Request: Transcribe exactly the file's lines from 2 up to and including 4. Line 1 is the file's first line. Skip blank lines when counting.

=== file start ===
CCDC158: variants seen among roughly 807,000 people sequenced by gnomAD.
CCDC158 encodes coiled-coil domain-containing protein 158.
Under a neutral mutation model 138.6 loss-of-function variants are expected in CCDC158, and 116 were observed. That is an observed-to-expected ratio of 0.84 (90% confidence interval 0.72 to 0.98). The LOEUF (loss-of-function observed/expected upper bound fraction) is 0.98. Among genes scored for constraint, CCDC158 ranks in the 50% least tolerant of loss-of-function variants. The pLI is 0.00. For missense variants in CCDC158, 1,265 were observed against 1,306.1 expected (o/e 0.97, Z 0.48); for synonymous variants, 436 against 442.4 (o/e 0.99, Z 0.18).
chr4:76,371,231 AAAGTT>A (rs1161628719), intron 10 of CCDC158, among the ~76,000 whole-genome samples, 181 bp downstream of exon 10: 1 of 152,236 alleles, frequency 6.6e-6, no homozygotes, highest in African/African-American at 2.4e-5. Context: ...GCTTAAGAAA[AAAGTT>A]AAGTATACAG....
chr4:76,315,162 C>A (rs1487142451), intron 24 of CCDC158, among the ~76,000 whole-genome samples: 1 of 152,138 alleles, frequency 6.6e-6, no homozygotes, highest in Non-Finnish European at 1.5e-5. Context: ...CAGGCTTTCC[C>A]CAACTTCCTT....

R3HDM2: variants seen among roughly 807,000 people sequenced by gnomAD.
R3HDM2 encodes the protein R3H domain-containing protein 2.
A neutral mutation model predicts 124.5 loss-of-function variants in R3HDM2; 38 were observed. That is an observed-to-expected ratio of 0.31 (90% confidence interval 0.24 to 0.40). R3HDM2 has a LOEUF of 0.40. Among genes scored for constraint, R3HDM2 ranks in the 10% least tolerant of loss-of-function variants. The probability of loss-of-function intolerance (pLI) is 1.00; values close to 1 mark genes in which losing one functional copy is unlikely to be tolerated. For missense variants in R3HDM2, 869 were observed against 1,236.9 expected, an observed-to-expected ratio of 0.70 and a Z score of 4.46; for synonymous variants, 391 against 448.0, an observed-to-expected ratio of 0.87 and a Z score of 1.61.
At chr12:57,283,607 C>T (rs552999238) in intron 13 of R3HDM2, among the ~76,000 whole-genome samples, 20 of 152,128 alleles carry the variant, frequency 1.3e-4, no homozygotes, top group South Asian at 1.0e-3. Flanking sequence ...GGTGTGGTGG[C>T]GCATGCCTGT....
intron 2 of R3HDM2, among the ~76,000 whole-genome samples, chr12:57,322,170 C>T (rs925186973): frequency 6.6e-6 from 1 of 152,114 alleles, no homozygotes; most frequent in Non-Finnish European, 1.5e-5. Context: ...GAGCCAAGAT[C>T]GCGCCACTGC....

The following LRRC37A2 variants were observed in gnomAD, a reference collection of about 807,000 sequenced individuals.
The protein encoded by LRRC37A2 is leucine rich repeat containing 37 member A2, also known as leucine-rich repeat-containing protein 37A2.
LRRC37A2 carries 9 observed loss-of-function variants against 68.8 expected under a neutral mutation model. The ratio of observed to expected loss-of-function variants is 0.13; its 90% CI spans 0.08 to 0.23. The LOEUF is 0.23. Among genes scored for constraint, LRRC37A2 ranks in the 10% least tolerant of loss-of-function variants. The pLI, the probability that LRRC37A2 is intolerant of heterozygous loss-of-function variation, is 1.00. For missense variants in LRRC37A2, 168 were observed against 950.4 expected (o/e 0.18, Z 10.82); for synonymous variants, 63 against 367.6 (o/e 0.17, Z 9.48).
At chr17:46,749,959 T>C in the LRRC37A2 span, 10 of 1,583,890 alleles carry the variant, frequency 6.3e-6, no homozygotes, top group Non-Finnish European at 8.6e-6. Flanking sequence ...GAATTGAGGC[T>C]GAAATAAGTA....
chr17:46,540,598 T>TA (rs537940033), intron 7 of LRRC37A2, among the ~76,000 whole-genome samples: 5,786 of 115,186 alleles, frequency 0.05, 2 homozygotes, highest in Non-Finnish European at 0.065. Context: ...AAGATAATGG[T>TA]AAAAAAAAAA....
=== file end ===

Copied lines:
CCDC158 encodes coiled-coil domain-containing protein 158.
Under a neutral mutation model 138.6 loss-of-function variants are expected in CCDC158, and 116 were observed. That is an observed-to-expected ratio of 0.84 (90% confidence interval 0.72 to 0.98). The LOEUF (loss-of-function observed/expected upper bound fraction) is 0.98. Among genes scored for constraint, CCDC158 ranks in the 50% least tolerant of loss-of-function variants. The pLI is 0.00. For missense variants in CCDC158, 1,265 were observed against 1,306.1 expected (o/e 0.97, Z 0.48); for synonymous variants, 436 against 442.4 (o/e 0.99, Z 0.18).
chr4:76,371,231 AAAGTT>A (rs1161628719), intron 10 of CCDC158, among the ~76,000 whole-genome samples, 181 bp downstream of exon 10: 1 of 152,236 alleles, frequency 6.6e-6, no homozygotes, highest in African/African-American at 2.4e-5. Context: ...GCTTAAGAAA[AAAGTT>A]AAGTATACAG....